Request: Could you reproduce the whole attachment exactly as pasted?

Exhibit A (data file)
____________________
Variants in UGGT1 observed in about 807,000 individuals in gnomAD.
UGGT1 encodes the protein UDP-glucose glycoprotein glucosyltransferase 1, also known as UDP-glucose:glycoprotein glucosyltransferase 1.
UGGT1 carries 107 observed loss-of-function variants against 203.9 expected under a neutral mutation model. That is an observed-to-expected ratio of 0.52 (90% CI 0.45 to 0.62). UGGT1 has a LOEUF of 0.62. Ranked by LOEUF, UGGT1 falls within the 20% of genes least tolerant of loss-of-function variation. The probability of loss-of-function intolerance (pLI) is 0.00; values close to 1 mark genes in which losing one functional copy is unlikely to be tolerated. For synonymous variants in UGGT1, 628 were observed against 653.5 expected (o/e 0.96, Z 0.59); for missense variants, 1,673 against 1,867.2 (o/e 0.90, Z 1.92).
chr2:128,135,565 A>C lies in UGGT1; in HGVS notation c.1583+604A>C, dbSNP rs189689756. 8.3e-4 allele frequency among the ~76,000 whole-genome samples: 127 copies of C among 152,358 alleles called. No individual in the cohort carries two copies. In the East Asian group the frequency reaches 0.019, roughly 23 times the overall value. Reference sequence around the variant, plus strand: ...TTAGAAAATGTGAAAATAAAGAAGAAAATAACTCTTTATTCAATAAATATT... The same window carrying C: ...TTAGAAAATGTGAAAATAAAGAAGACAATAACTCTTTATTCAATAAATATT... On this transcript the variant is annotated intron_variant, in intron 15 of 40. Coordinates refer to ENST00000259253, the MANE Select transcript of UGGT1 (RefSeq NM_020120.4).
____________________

Variants in UGGT1 observed in about 807,000 individuals in gnomAD.
UGGT1 encodes the protein UDP-glucose glycoprotein glucosyltransferase 1, also known as UDP-glucose:glycoprotein glucosyltransferase 1.
UGGT1 carries 107 observed loss-of-function variants against 203.9 expected under a neutral mutation model. That is an observed-to-expected ratio of 0.52 (90% CI 0.45 to 0.62). UGGT1 has a LOEUF of 0.62. Ranked by LOEUF, UGGT1 falls within the 20% of genes least tolerant of loss-of-function variation. The probability of loss-of-function intolerance (pLI) is 0.00; values close to 1 mark genes in which losing one functional copy is unlikely to be tolerated. For synonymous variants in UGGT1, 628 were observed against 653.5 expected (o/e 0.96, Z 0.59); for missense variants, 1,673 against 1,867.2 (o/e 0.90, Z 1.92).
chr2:128,135,565 A>C lies in UGGT1; in HGVS notation c.1583+604A>C, dbSNP rs189689756. 8.3e-4 allele frequency among the ~76,000 whole-genome samples: 127 copies of C among 152,358 alleles called. No individual in the cohort carries two copies. In the East Asian group the frequency reaches 0.019, roughly 23 times the overall value. Reference sequence around the variant, plus strand: ...TTAGAAAATGTGAAAATAAAGAAGAAAATAACTCTTTATTCAATAAATATT... The same window carrying C: ...TTAGAAAATGTGAAAATAAAGAAGACAATAACTCTTTATTCAATAAATATT... On this transcript the variant is annotated intron_variant, in intron 15 of 40. Coordinates refer to ENST00000259253, the MANE Select transcript of UGGT1 (RefSeq NM_020120.4).